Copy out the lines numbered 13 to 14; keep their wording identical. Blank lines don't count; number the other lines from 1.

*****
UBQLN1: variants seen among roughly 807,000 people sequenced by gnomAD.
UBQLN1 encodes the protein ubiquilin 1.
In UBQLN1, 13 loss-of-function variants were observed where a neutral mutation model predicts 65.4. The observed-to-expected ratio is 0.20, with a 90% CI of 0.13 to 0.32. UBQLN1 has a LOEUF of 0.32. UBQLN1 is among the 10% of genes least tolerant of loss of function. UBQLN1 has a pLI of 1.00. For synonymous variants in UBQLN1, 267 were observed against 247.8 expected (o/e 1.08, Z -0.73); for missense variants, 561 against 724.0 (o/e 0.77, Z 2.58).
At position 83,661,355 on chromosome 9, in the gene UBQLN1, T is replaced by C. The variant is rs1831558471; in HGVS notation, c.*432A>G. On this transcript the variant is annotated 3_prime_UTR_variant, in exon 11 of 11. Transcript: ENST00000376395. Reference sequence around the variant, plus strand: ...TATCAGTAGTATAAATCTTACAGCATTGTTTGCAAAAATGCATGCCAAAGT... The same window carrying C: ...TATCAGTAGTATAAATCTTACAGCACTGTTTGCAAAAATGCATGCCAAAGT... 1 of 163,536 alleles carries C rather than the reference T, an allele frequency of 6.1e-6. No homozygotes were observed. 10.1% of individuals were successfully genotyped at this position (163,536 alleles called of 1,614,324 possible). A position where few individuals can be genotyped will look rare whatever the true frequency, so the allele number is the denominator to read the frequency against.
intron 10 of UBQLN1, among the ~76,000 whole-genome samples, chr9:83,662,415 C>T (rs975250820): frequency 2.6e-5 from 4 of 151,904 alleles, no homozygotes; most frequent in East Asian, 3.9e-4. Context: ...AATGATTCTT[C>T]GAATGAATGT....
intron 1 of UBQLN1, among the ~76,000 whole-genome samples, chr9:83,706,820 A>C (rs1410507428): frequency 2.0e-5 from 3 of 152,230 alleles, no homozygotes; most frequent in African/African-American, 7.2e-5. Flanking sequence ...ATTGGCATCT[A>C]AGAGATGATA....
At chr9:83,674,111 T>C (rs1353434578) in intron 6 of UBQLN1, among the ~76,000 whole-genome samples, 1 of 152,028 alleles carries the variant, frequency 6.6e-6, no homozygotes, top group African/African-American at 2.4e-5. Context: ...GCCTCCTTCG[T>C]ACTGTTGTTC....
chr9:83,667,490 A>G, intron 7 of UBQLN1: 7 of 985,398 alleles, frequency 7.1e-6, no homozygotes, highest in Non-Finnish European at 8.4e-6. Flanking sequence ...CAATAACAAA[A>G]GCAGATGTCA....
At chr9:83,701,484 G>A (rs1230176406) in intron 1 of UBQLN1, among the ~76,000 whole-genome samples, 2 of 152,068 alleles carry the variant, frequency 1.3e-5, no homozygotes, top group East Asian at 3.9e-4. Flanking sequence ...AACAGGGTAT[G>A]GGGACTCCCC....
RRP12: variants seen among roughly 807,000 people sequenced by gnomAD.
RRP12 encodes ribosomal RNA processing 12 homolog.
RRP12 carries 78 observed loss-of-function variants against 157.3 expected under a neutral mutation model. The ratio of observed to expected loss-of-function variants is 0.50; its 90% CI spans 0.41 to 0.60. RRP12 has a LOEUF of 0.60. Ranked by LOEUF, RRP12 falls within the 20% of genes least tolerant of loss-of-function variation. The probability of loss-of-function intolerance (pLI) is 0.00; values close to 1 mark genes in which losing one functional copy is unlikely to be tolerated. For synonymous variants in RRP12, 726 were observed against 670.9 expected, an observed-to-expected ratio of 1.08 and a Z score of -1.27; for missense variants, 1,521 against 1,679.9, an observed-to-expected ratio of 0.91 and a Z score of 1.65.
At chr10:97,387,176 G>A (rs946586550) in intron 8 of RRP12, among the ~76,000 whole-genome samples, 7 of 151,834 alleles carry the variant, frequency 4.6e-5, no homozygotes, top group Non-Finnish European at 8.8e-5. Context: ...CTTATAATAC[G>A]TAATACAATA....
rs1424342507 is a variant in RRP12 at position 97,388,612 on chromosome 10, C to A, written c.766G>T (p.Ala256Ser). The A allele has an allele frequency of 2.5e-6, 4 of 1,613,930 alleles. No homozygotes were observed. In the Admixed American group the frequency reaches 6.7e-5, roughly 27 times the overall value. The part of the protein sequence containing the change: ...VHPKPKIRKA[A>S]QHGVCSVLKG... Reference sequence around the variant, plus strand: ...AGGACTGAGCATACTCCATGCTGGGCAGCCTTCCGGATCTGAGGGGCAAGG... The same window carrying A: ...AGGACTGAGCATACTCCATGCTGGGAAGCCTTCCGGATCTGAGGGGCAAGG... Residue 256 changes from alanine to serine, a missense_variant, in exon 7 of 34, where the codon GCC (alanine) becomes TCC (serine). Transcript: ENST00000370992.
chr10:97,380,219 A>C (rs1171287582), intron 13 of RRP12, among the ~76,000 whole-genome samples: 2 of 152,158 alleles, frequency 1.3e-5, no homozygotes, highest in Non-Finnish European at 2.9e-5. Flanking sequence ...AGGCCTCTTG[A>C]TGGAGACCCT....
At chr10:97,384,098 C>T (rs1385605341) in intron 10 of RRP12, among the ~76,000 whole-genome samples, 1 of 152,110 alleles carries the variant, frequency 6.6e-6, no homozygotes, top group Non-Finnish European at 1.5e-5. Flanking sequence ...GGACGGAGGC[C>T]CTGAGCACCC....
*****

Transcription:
At chr10:97,387,176 G>A (rs946586550) in intron 8 of RRP12, among the ~76,000 whole-genome samples, 7 of 151,834 alleles carry the variant, frequency 4.6e-5, no homozygotes, top group Non-Finnish European at 8.8e-5. Context: ...CTTATAATAC[G>A]TAATACAATA....
rs1424342507 is a variant in RRP12 at position 97,388,612 on chromosome 10, C to A, written c.766G>T (p.Ala256Ser). The A allele has an allele frequency of 2.5e-6, 4 of 1,613,930 alleles. No homozygotes were observed. In the Admixed American group the frequency reaches 6.7e-5, roughly 27 times the overall value. The part of the protein sequence containing the change: ...VHPKPKIRKA[A>S]QHGVCSVLKG... Reference sequence around the variant, plus strand: ...AGGACTGAGCATACTCCATGCTGGGCAGCCTTCCGGATCTGAGGGGCAAGG... The same window carrying A: ...AGGACTGAGCATACTCCATGCTGGGAAGCCTTCCGGATCTGAGGGGCAAGG... Residue 256 changes from alanine to serine, a missense_variant, in exon 7 of 34, where the codon GCC (alanine) becomes TCC (serine). Transcript: ENST00000370992.